There has been a 42 percent increase in bodily injury claims against insurers since 2001, according to a new report, Personal Injury Claims Market in the UK, from Celent, a Boston-based financial research and consulting firm. This is despite safer cars, better roads, and recent decreases in road traffic accidents.
Key findings of the report include:
- The motor insurance sector is largest class of business in general insurance in the UK, with premiums representing 29 percent of total non-life premium in 2009. There are a relatively small number of active insurers, with 53 companies and 11 Lloyd’s syndicates actively transacting business, although more than 200 companies are registered.
- There were 24.8 million private motor policies in force in the UK in 2009. Over the past 10 years, policies in force have increased by 3.4 percent. This growth is largely due to the increasing number of private cars on the roads, although more recently the growth rate has slowed due to the weak car market.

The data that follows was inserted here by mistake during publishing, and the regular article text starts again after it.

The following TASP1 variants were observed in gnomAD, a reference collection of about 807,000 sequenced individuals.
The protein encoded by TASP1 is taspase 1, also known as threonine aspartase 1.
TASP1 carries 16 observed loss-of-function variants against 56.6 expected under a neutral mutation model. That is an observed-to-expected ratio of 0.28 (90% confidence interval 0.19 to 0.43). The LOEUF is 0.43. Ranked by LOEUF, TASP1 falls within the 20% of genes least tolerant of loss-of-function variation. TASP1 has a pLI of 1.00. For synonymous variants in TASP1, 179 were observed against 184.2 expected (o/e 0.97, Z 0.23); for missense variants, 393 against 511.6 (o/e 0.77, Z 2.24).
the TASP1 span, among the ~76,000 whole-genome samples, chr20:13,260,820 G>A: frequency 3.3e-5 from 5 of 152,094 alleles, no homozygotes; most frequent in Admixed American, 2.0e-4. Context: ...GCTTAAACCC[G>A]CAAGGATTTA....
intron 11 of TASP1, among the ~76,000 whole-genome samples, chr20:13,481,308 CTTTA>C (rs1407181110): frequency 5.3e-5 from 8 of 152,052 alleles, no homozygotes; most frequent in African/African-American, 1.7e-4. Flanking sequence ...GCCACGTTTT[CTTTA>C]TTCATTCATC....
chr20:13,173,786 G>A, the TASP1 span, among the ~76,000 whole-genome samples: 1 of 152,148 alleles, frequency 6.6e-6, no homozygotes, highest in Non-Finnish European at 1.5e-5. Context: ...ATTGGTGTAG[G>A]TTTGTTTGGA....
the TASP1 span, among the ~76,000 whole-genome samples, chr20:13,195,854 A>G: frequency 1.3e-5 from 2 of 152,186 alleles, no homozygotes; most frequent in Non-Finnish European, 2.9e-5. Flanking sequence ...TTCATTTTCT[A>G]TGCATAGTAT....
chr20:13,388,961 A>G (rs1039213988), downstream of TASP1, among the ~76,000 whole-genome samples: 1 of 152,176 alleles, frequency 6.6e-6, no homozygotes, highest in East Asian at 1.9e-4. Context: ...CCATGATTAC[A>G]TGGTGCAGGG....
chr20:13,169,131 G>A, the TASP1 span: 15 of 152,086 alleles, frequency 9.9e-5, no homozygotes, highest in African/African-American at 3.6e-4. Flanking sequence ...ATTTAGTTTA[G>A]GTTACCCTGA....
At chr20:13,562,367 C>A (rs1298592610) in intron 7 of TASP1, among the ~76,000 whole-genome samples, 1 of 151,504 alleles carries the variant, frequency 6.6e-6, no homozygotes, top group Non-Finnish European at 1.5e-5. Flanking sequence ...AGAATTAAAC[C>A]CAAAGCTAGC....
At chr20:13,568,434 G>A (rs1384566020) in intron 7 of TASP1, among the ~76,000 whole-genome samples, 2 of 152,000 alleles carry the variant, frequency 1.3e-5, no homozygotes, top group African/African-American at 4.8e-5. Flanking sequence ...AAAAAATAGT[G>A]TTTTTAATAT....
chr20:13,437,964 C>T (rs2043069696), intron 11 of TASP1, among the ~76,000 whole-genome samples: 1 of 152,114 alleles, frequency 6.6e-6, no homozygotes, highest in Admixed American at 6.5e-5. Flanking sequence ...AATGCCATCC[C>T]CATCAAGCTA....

- The hard trading conditions for UK motor insurers cannot hide a more fundamental problem of deteriorating underwriting results. Insurers have reported underwriting losses in motor since 1994, and 2009 had the highest ever reported underwriting loss. Combined operating ratios for the sector reached an all-time high of 121 percent in 2009.
Factors affecting these results include aggregators which have supported the price competition and UK consumers pay some of the lowest motor premiums in Europe. On the cost side, personal injury claims have rocketed to almost 50 percent of all claims costs.
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